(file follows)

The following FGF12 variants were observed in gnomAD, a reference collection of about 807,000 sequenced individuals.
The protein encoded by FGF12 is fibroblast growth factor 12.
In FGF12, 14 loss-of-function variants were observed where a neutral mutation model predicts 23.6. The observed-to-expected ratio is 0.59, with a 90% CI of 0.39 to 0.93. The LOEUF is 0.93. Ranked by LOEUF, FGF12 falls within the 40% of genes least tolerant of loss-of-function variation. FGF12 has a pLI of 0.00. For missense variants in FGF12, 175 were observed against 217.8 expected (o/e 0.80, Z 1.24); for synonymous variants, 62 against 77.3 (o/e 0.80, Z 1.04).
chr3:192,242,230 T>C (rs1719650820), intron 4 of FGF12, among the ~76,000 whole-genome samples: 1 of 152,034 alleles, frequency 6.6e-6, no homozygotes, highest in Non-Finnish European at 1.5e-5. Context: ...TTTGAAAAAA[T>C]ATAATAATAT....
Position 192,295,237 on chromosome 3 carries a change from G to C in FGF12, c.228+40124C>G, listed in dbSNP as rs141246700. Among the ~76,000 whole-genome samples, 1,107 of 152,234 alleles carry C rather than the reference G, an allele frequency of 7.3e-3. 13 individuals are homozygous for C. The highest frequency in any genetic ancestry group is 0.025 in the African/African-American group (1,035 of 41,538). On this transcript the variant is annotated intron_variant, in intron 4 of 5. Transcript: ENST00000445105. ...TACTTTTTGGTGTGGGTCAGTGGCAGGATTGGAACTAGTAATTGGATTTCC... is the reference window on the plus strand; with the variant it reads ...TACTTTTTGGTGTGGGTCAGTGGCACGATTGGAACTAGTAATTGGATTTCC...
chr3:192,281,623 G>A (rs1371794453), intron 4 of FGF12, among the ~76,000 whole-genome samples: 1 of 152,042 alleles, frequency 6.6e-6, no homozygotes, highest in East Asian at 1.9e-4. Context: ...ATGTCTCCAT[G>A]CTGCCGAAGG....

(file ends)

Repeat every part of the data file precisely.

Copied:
The following FGF12 variants were observed in gnomAD, a reference collection of about 807,000 sequenced individuals.
The protein encoded by FGF12 is fibroblast growth factor 12.
In FGF12, 14 loss-of-function variants were observed where a neutral mutation model predicts 23.6. The observed-to-expected ratio is 0.59, with a 90% CI of 0.39 to 0.93. The LOEUF is 0.93. Ranked by LOEUF, FGF12 falls within the 40% of genes least tolerant of loss-of-function variation. FGF12 has a pLI of 0.00. For missense variants in FGF12, 175 were observed against 217.8 expected (o/e 0.80, Z 1.24); for synonymous variants, 62 against 77.3 (o/e 0.80, Z 1.04).
chr3:192,242,230 T>C (rs1719650820), intron 4 of FGF12, among the ~76,000 whole-genome samples: 1 of 152,034 alleles, frequency 6.6e-6, no homozygotes, highest in Non-Finnish European at 1.5e-5. Context: ...TTTGAAAAAA[T>C]ATAATAATAT....
Position 192,295,237 on chromosome 3 carries a change from G to C in FGF12, c.228+40124C>G, listed in dbSNP as rs141246700. Among the ~76,000 whole-genome samples, 1,107 of 152,234 alleles carry C rather than the reference G, an allele frequency of 7.3e-3. 13 individuals are homozygous for C. The highest frequency in any genetic ancestry group is 0.025 in the African/African-American group (1,035 of 41,538). On this transcript the variant is annotated intron_variant, in intron 4 of 5. Transcript: ENST00000445105. ...TACTTTTTGGTGTGGGTCAGTGGCAGGATTGGAACTAGTAATTGGATTTCC... is the reference window on the plus strand; with the variant it reads ...TACTTTTTGGTGTGGGTCAGTGGCACGATTGGAACTAGTAATTGGATTTCC...
chr3:192,281,623 G>A (rs1371794453), intron 4 of FGF12, among the ~76,000 whole-genome samples: 1 of 152,042 alleles, frequency 6.6e-6, no homozygotes, highest in East Asian at 1.9e-4. Context: ...ATGTCTCCAT[G>A]CTGCCGAAGG....